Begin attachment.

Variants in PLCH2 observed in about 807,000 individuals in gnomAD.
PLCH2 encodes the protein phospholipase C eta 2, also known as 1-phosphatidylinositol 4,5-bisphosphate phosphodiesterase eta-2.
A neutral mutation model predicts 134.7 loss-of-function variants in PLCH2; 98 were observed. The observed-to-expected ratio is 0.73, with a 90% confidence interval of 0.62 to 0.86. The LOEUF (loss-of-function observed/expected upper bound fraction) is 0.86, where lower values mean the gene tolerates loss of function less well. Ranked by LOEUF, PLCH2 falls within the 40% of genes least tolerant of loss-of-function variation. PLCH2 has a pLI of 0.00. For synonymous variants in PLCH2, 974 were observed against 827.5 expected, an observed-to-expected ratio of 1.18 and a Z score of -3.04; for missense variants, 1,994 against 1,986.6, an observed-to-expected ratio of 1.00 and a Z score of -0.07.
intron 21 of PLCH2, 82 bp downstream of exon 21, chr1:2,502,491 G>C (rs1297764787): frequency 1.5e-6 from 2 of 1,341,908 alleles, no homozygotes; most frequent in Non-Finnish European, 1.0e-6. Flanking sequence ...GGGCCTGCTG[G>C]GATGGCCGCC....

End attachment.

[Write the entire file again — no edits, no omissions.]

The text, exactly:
Variants in PLCH2 observed in about 807,000 individuals in gnomAD.
PLCH2 encodes the protein phospholipase C eta 2, also known as 1-phosphatidylinositol 4,5-bisphosphate phosphodiesterase eta-2.
A neutral mutation model predicts 134.7 loss-of-function variants in PLCH2; 98 were observed. The observed-to-expected ratio is 0.73, with a 90% confidence interval of 0.62 to 0.86. The LOEUF (loss-of-function observed/expected upper bound fraction) is 0.86, where lower values mean the gene tolerates loss of function less well. Ranked by LOEUF, PLCH2 falls within the 40% of genes least tolerant of loss-of-function variation. PLCH2 has a pLI of 0.00. For synonymous variants in PLCH2, 974 were observed against 827.5 expected, an observed-to-expected ratio of 1.18 and a Z score of -3.04; for missense variants, 1,994 against 1,986.6, an observed-to-expected ratio of 1.00 and a Z score of -0.07.
intron 21 of PLCH2, 82 bp downstream of exon 21, chr1:2,502,491 G>C (rs1297764787): frequency 1.5e-6 from 2 of 1,341,908 alleles, no homozygotes; most frequent in Non-Finnish European, 1.0e-6. Flanking sequence ...GGGCCTGCTG[G>C]GATGGCCGCC....